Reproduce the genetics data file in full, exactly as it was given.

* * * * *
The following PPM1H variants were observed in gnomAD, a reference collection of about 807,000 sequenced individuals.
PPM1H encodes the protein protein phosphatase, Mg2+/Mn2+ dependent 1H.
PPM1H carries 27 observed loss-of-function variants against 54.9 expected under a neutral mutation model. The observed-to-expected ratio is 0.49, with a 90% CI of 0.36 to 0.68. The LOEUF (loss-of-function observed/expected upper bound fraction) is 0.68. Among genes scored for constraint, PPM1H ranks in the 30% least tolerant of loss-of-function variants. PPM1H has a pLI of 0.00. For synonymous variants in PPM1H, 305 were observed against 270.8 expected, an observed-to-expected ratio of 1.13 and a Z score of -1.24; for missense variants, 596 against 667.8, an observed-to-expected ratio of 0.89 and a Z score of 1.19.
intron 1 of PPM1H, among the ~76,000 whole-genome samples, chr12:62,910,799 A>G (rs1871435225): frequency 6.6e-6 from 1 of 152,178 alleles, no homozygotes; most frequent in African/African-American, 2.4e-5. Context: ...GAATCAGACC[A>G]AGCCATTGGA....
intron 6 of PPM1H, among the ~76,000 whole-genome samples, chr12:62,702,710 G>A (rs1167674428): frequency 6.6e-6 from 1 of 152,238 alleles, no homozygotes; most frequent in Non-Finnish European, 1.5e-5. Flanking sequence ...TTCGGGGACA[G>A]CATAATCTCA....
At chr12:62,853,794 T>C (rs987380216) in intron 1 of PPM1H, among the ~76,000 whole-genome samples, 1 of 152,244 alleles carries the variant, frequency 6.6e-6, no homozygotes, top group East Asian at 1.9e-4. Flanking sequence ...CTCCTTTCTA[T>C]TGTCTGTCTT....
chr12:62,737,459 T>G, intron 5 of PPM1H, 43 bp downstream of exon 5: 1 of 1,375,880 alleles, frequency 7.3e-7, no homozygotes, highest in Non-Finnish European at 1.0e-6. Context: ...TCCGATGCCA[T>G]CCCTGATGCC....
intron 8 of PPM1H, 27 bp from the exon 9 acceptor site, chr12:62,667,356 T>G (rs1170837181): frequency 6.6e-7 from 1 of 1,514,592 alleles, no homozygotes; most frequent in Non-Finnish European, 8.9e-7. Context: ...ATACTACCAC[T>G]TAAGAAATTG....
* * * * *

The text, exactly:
The following PPM1H variants were observed in gnomAD, a reference collection of about 807,000 sequenced individuals.
PPM1H encodes the protein protein phosphatase, Mg2+/Mn2+ dependent 1H.
PPM1H carries 27 observed loss-of-function variants against 54.9 expected under a neutral mutation model. The observed-to-expected ratio is 0.49, with a 90% CI of 0.36 to 0.68. The LOEUF (loss-of-function observed/expected upper bound fraction) is 0.68. Among genes scored for constraint, PPM1H ranks in the 30% least tolerant of loss-of-function variants. PPM1H has a pLI of 0.00. For synonymous variants in PPM1H, 305 were observed against 270.8 expected, an observed-to-expected ratio of 1.13 and a Z score of -1.24; for missense variants, 596 against 667.8, an observed-to-expected ratio of 0.89 and a Z score of 1.19.
intron 1 of PPM1H, among the ~76,000 whole-genome samples, chr12:62,910,799 A>G (rs1871435225): frequency 6.6e-6 from 1 of 152,178 alleles, no homozygotes; most frequent in African/African-American, 2.4e-5. Context: ...GAATCAGACC[A>G]AGCCATTGGA....
intron 6 of PPM1H, among the ~76,000 whole-genome samples, chr12:62,702,710 G>A (rs1167674428): frequency 6.6e-6 from 1 of 152,238 alleles, no homozygotes; most frequent in Non-Finnish European, 1.5e-5. Flanking sequence ...TTCGGGGACA[G>A]CATAATCTCA....
At chr12:62,853,794 T>C (rs987380216) in intron 1 of PPM1H, among the ~76,000 whole-genome samples, 1 of 152,244 alleles carries the variant, frequency 6.6e-6, no homozygotes, top group East Asian at 1.9e-4. Flanking sequence ...CTCCTTTCTA[T>C]TGTCTGTCTT....
chr12:62,737,459 T>G, intron 5 of PPM1H, 43 bp downstream of exon 5: 1 of 1,375,880 alleles, frequency 7.3e-7, no homozygotes, highest in Non-Finnish European at 1.0e-6. Context: ...TCCGATGCCA[T>G]CCCTGATGCC....
intron 8 of PPM1H, 27 bp from the exon 9 acceptor site, chr12:62,667,356 T>G (rs1170837181): frequency 6.6e-7 from 1 of 1,514,592 alleles, no homozygotes; most frequent in Non-Finnish European, 8.9e-7. Context: ...ATACTACCAC[T>G]TAAGAAATTG....